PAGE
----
The PUC’s proposal, which was last revised in May, is to tax solar users about $300 to $600 a year to contribute toward maintaining the electrical grid.

PG&E electricity rates have already been hiked twice in 2022, and other increases are expected for infrastructure investments, modernization, clean energy solutions and to bury 3,600 miles of power lines underground, among other improvements.

Smith said his firm has seen a 50% increase in solar installations after the wildfires. Today, this trend is growing as PG&E rates continue to climb along with skyrocketing gasoline and transportation costs associated with buying fuel for generators.

The price of solar panels dropped every year between 2013 and 2020, after which COVID-19-related supply chain disruption abruptly stopped this trend, according to a 2022 GlobalData report.

The total cost of rooftop solar for a typical residential home will increase modestly this year by about $1.60 per watt across the nation and by up to $3.50 a watt in California. This is due to a rise in raw materials prices and a sharp increase in PV system prices caused by a delay in shipments combined with a lack of workforce availability.

GlobalData predicted — before the Biden administration tariff suspension — that solar system costs would decline gradually between 2023 and 2030. That is expected to happen due to technological advances, reduction of component posts, increasing production scale and some countries’ offering temporary incentives and rebates.

‘Efforts to get panels from anywhere’

Tyson Berg of renewable energy distributor CED Greentech in Santa Rosa said the net to get solar system components has to be cast wider.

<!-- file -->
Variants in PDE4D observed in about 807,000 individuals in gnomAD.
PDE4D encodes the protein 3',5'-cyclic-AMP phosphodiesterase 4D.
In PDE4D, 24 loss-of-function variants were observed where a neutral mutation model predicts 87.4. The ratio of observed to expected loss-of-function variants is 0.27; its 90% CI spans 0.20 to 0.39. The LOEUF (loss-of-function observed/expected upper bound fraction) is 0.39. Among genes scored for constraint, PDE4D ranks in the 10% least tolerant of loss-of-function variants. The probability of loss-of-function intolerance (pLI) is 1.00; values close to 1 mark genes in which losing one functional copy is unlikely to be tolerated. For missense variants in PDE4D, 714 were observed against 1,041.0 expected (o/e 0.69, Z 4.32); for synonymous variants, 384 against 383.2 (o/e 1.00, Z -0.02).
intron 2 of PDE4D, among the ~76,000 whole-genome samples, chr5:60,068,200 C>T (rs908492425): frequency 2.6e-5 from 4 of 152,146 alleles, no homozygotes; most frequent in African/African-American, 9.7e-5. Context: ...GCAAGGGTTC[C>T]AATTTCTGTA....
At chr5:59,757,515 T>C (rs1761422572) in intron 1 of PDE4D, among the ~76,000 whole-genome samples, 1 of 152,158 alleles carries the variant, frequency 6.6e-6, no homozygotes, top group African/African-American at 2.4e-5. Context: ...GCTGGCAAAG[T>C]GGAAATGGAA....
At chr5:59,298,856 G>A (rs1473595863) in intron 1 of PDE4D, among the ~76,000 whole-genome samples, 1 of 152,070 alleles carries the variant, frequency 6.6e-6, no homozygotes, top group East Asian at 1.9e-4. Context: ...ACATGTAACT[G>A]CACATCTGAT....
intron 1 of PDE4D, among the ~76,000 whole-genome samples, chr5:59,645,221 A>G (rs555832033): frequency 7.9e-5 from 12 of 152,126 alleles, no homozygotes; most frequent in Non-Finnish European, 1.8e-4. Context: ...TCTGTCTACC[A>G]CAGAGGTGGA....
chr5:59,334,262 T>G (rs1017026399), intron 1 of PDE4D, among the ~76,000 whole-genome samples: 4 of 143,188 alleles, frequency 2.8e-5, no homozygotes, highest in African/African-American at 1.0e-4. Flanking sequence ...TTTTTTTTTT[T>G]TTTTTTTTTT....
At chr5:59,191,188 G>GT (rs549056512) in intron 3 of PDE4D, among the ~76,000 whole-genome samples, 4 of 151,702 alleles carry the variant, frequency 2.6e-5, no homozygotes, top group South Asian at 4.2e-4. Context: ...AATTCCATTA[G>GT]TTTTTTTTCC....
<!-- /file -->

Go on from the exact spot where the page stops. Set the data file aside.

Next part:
“Getting solar supplies from Southeast Asia has been getting very tight, and shipping costs have risen dramatically while demand has shut down or gone away,” Berg said. “We stepped up efforts to get panels from anywhere. Now we have an excellent inventory to satisfy today’s needs.”

The Solar Energy Industries Association reports that total PV system costs vary by capacity required, from $15,000 for 5-kilowatt output up to $31,000 for 10 kilowatts. That’s before a 26% federal investment tax credit — due to expire at the end of this year — and based on the average cost of solar power across three market segments (residential, commercial and utility scale), comparing wholesale prices for solar components.

A California Self Generation Incentive Program fund is still available to help pay for battery backup systems for solar.

Prices per panel have been high. But Berg believes they could start to decline over the next 90 to 120 days, as companies gear back up and obtain solar products from China due to a tariff suspension.

And his firm is among those planning to do just that. CED Greentech’s 25,000-square-foot Santa Rosa warehouse is among 81 U.S. locations.

“We’re now looking to expand to a new facility with from 50,000 to 60,000 square feet to take advantage of growth expected during the next two years, which is already being fueled by a three- to five-month order backlog,” Berg said.

The local operations serve the California North Coast, from the Golden Gate Bridge to Eureka, selling solar products to 150 installation contractors. Its business is 60% residential, 40% commercial, with increasing demand for battery backup storage.

“For us, the availability of labor is tight,” Berg said. “We need more installation partners.”

Demand has also focused on acquiring energy storage systems available from some 14 battery manufacturers to couple with solar products now being added by almost half of existing solar customers.

Another emerging industry trend are seven- to 10-year battery lease agreements, with a replacement policy built in.

“Leasing, rather than purchasing, is being seen by more customers as a path to becoming energy independent and how to virtually live off the grid,” Berg said.

‘Costs have been going down somewhat’

Whether or if prices soften due to Southeast Asia tariff changes remains to be seen, according to Joe Hadley, general manager with PurePower Solutions in Healdsburg.

“We tend to source the solar products we want from U.S. suppliers, such as one in Washington state,” Hadley said. “In addition, we receive continuous feedback from solar aggregators with variations in their pricing but have no major supply issues. Costs have been going down somewhat.”